The CSP has announced an innovative project with Sport England and the Centre for Ageing Better to find the best ways to promote the benefits of maintaining and improving muscle strength for people visiting their physiotherapist.
The 15-month initiative will explore people’s understanding and perceptions of the importance of regular strength and balance activities, and create messaging and approaches that will help more people meet official activity guidelines.
These guidelines recommend all adults do activities that challenge the muscles at least twice a week.
Despite the importance of strengthening activities, research has revealed very low levels of awareness that strengthening activity is even needed on a weekly basis.
Indeed, only nine per cent of adults surveyed were aware of the requirement, with 34 per cent of the respondents doing fewer than two days per week of muscle strengthening exercises.
Crucially, the initiative will look at the role physiotherapy staff can play in encouraging more uptake of strengthening activities, both directly with patients and in developing and promoting public facing materials, such as strength-based apps or training programmes.
This initiative is made possible through National Lottery funding via a £150,000 grant from Sport England.
Andy Maud, a National Partnerships Lead for Health and Inactivity at Sport England, said:
‘Regular strength, balance and flexibility activities can help to make all movement easier, improving our ability to perform normal daily tasks and enjoy active lives.
‘We’re excited by the potential of this partnership to develop and test new creative ways of communicating the importance of strength for physical function.
‘It forms an important part of our longer-term drive to start changing how we talk about getting active, in a way that inspires people to make sport and physical activity a practical choice for them.’
The project comprises two key phases: insight and creative. The insight phase will feature focus groups, surveys and desk-based research. The creative stage will see the testing of a range of messaging concepts to encourage people to do more strengthening activities each week.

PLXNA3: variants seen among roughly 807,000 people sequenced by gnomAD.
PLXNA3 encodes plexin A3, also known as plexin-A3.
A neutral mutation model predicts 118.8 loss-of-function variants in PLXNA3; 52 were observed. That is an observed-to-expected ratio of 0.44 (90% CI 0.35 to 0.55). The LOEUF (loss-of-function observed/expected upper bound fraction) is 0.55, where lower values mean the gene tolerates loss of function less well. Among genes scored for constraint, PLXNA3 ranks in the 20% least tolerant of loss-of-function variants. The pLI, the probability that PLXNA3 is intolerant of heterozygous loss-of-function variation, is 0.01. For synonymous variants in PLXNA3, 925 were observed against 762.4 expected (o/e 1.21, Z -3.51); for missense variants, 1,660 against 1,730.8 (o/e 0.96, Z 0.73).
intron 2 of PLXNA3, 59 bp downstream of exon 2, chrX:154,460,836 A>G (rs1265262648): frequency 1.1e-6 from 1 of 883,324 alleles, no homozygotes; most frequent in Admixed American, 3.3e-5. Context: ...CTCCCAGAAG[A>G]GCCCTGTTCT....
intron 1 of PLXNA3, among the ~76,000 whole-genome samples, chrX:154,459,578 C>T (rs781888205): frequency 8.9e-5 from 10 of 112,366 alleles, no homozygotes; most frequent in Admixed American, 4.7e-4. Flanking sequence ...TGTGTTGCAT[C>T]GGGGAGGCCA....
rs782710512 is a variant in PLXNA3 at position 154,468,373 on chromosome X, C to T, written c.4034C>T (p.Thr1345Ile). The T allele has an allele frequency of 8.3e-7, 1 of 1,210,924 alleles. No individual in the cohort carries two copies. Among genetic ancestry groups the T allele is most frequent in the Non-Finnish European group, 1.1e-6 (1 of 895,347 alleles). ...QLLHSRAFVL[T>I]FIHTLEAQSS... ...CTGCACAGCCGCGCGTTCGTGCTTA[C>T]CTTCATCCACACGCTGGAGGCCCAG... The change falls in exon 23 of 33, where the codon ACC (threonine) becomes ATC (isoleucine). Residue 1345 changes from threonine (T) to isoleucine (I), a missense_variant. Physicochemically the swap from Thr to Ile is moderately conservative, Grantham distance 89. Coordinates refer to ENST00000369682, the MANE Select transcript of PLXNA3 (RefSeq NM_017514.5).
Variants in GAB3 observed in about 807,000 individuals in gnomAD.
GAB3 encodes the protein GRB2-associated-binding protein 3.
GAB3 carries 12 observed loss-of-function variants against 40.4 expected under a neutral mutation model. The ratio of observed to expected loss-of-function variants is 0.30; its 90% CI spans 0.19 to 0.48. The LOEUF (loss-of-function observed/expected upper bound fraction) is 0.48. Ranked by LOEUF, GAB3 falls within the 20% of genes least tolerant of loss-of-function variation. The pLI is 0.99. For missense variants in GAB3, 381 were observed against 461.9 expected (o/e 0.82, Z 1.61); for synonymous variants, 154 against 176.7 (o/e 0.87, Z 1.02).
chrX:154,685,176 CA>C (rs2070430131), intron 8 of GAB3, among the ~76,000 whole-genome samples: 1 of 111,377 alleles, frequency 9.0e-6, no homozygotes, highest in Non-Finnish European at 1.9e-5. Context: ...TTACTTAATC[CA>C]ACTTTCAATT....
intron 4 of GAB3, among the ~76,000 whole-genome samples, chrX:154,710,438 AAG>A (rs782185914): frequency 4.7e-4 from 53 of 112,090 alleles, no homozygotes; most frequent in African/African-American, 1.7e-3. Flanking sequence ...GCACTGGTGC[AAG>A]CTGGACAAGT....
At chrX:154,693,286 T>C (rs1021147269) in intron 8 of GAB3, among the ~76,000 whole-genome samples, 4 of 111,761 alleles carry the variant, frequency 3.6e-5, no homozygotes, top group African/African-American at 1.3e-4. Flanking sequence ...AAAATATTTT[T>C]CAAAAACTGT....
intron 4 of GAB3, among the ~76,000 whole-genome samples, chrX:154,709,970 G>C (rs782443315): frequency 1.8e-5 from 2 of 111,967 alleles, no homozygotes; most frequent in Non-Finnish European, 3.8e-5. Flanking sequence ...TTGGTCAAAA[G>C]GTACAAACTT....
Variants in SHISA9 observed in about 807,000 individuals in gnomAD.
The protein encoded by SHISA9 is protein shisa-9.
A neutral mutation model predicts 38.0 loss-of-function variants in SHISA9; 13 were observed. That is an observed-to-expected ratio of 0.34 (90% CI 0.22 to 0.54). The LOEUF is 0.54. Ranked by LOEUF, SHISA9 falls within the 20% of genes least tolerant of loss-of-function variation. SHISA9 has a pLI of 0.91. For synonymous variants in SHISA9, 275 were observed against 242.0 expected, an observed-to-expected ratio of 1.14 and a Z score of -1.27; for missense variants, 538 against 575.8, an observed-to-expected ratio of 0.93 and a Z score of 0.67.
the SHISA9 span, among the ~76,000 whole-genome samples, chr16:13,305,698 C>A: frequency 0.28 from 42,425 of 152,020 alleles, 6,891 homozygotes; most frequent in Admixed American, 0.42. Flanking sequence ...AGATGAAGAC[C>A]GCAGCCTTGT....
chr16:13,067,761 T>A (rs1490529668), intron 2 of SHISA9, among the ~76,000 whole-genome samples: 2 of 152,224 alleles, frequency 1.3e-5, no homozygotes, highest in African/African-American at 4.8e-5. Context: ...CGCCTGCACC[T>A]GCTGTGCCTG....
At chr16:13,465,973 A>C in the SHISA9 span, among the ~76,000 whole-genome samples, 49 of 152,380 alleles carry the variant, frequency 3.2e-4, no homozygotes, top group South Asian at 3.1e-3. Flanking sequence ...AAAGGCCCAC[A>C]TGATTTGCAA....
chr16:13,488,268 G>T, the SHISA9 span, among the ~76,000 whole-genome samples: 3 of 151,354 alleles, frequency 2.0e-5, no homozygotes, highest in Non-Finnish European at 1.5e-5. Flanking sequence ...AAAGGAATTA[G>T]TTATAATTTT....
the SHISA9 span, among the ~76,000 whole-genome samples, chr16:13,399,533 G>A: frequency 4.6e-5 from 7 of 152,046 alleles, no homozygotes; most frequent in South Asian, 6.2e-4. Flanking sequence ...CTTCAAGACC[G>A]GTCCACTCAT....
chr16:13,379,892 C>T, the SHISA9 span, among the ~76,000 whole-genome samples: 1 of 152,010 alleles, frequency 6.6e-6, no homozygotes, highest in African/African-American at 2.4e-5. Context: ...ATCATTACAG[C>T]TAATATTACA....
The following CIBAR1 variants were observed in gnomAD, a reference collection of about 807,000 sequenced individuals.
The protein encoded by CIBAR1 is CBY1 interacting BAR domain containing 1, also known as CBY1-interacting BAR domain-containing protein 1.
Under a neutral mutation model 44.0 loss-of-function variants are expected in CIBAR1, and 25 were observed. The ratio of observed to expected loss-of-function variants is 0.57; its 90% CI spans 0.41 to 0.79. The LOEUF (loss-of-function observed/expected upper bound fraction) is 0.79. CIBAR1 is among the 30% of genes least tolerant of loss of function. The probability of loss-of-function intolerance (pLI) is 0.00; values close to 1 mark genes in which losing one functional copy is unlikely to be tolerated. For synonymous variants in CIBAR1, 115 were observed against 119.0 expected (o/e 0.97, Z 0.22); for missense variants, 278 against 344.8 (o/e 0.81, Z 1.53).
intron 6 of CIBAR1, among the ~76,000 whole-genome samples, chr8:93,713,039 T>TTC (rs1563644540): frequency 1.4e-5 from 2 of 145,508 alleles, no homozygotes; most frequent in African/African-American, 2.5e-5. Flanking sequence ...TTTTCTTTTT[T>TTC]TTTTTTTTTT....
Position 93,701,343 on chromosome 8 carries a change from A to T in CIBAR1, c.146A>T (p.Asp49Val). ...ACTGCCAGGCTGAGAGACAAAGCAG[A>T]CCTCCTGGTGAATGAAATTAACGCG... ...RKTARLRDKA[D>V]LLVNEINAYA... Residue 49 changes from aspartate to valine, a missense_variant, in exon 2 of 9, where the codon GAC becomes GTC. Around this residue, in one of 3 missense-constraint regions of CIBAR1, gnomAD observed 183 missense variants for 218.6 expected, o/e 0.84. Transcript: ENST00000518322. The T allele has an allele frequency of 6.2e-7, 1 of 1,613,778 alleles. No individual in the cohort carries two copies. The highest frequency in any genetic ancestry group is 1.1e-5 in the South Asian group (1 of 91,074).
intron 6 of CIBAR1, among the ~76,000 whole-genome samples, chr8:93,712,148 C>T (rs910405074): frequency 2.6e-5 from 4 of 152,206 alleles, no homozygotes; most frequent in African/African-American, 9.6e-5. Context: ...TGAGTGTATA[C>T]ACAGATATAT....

CSP staff will manage the project, reporting to an advisory board made up of key stakeholders including physio and patient representatives. Input from professional networks and the consultants’ group will also be gained as the project progresses.
Sara Hazzard, CSP assistant director of strategic communications, welcomed the new partnership.
‘We are delighted to be working with such high-profile partners and feel this reflects a recognition of the critical role physiotherapy staff play in supporting people with a range of conditions.’ she said.
‘This work has the potential to deliver a greater understanding of people’s fears and motivations when it comes to strengthening and find ways to help them lead independent, active lives.’
Jess Kuehne, Senior Programme Manager (Healthy Ageing) at the Centre for Ageing Better, said:
‘Physiotherapists and other healthcare professionals can play a huge role in supporting people to strengthen their muscles and improve their balance. This is a great initiative which we’re very glad to support.
‘Many of us don’t realise the huge difference that improving our strength and balance can have to our wellbeing, especially as we age, and very few of us meet the recommended weekly guidelines for muscle strengthening exercise.
‘We need to do much more to make sure physiotherapists understand how they can help individuals meet the guidelines and communicate their importance to people across the country.
Watch Sara Hazzard discussing the new initiative.
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